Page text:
Independent contractors or self-employed are not employees; they are more like suppliers and vendors that you retain to perform specific work for a specific period of time. Some common areas of contract work are cleaning, maintenance, sales and other specialized work. These contractors do not appear on your payroll. They usually have their own company, have their offices outside from your premises, make their own schedule, have other clients, provide you with an invoice for the hours and work done and so forth.

Many employers incur liability by erroneously treating a worker as an independent contractor when the worker is actually an employee pursuant to different legislation. "Independent contractors" have been found to be employees under Labour Relations and Employment Standards legislation, as well as under the Income Tax Act, Employment Insurance Act, CPP, etc., as well as applicable collective agreements. Although the legal test concerning whether a worker is an employee will vary from one statute to another, often the issue will turn on the degree of control the employer exercises over the worker's day-to-day activities. The fact the individual was hired and paid by another individual or company is often not determinative. Improperly characterizing an employee as an independent contractor may result in an employer liability for notice, severance, income tax and other deductions. Wrongly treating an "employee" as an "independent contractor" is a common mistake made by many employers-one which can be both expensive and avoided.

How the employer-employee relationship is determined

An employer-employee relationship usually results in payroll taxes for the employer. Such a relationship usually exists if the employer has the right to control and direct the person who performs the job or service(s).

Some of the criteria for determining whether a person is an employee include:

The extent to which the services rendered are an integral part of the business

The permanency of the relationship; for example, is the person paid on a per job basis rather than hourly or salary?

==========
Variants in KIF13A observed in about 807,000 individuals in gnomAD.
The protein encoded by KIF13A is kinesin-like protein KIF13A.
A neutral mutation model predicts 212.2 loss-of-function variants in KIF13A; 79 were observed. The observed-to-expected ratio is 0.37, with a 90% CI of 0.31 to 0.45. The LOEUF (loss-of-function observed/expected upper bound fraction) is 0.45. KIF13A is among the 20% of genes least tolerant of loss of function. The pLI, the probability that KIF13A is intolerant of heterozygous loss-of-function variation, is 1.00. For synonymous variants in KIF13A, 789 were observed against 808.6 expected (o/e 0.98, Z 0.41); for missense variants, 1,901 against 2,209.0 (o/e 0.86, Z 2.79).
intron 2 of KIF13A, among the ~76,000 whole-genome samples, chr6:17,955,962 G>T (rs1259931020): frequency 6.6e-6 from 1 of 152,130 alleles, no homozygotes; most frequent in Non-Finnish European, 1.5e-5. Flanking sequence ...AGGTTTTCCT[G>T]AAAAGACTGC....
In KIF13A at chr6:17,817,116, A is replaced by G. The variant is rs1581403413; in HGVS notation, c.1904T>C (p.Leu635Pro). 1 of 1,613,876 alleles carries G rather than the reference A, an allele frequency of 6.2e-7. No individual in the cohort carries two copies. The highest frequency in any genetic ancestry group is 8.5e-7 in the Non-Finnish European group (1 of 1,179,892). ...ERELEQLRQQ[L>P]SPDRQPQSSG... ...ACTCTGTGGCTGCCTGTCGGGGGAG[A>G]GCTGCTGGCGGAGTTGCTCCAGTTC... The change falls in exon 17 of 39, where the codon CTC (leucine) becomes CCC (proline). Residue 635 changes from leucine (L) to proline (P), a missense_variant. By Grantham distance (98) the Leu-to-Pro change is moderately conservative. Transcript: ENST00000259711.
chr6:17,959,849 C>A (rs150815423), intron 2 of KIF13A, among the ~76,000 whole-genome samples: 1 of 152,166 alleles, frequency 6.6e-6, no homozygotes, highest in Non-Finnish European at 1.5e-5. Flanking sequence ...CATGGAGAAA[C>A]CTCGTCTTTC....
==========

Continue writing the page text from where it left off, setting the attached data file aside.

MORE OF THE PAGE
The nature and degree of control by the employer, such as being trusted to perform the work without direct supervision, setting one's own hours, the performance of work off the premises

The degree of independent initiative and judgment exercised by the person who performs the services

The degree of open-market competition with others required to secure the contract with the employer

From a tax perspective, the primary tests focus on the degree of control the employer has over the worker.

Control of day-to-day activities is also the primary consideration when determining if the worker is an employee under labour relations legislation, or if the worker is covered by a collective agreement. It is worth noting that some collective agreements specifically prohibit "contracting out."

From a payroll tax perspective, the Canada Revenue Agency (CRA) considers four factors: control, ownership of tools, chance of profits/risk of loss and integration.

Employers should obtain the CRA publication RC4110 titled Employee or Self-Employed? for information about these factors. This publication is available from local CRA District Taxation Offices or on the Internet at CRA's website at http://www.cra-arc.gc.ca/E/pub/tg/rc4110/README.html.

After reviewing the above publication, if employers are unsure of the employer-employee relationship, consider contacting the local CRA, District Taxation Office and requesting the form CPT1, Request for a Ruling as to the Status of a Worker under the Canada Pension Plan and Employment Insurance Act. Complete the CPT1 form and return it to CRA for a ruling.